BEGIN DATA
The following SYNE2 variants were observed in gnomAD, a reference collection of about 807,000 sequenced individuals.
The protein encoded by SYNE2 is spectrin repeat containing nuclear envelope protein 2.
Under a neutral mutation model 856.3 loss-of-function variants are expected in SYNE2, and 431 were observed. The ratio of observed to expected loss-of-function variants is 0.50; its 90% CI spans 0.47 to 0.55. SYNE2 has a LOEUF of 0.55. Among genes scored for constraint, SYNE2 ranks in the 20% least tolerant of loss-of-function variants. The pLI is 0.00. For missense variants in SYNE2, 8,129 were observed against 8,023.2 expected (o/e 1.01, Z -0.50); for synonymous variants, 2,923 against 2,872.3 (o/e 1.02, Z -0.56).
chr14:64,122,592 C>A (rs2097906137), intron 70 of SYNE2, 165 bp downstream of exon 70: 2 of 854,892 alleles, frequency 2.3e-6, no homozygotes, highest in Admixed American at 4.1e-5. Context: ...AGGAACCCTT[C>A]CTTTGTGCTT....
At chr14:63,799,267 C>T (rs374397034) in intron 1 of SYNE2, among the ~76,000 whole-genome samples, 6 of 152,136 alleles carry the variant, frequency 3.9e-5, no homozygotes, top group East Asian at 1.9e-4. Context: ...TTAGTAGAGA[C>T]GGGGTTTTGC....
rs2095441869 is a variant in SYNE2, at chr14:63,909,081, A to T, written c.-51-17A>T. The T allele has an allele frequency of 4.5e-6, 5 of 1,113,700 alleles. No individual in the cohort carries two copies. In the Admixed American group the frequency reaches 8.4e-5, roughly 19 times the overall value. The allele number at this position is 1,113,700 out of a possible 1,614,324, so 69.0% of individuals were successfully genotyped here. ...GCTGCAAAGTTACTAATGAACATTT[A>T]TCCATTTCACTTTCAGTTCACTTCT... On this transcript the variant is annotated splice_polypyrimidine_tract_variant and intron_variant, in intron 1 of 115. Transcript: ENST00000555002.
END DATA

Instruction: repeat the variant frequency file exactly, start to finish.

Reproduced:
The following SYNE2 variants were observed in gnomAD, a reference collection of about 807,000 sequenced individuals.
The protein encoded by SYNE2 is spectrin repeat containing nuclear envelope protein 2.
Under a neutral mutation model 856.3 loss-of-function variants are expected in SYNE2, and 431 were observed. The ratio of observed to expected loss-of-function variants is 0.50; its 90% CI spans 0.47 to 0.55. SYNE2 has a LOEUF of 0.55. Among genes scored for constraint, SYNE2 ranks in the 20% least tolerant of loss-of-function variants. The pLI is 0.00. For missense variants in SYNE2, 8,129 were observed against 8,023.2 expected (o/e 1.01, Z -0.50); for synonymous variants, 2,923 against 2,872.3 (o/e 1.02, Z -0.56).
chr14:64,122,592 C>A (rs2097906137), intron 70 of SYNE2, 165 bp downstream of exon 70: 2 of 854,892 alleles, frequency 2.3e-6, no homozygotes, highest in Admixed American at 4.1e-5. Context: ...AGGAACCCTT[C>A]CTTTGTGCTT....
At chr14:63,799,267 C>T (rs374397034) in intron 1 of SYNE2, among the ~76,000 whole-genome samples, 6 of 152,136 alleles carry the variant, frequency 3.9e-5, no homozygotes, top group East Asian at 1.9e-4. Context: ...TTAGTAGAGA[C>T]GGGGTTTTGC....
rs2095441869 is a variant in SYNE2, at chr14:63,909,081, A to T, written c.-51-17A>T. The T allele has an allele frequency of 4.5e-6, 5 of 1,113,700 alleles. No individual in the cohort carries two copies. In the Admixed American group the frequency reaches 8.4e-5, roughly 19 times the overall value. The allele number at this position is 1,113,700 out of a possible 1,614,324, so 69.0% of individuals were successfully genotyped here. ...GCTGCAAAGTTACTAATGAACATTT[A>T]TCCATTTCACTTTCAGTTCACTTCT... On this transcript the variant is annotated splice_polypyrimidine_tract_variant and intron_variant, in intron 1 of 115. Transcript: ENST00000555002.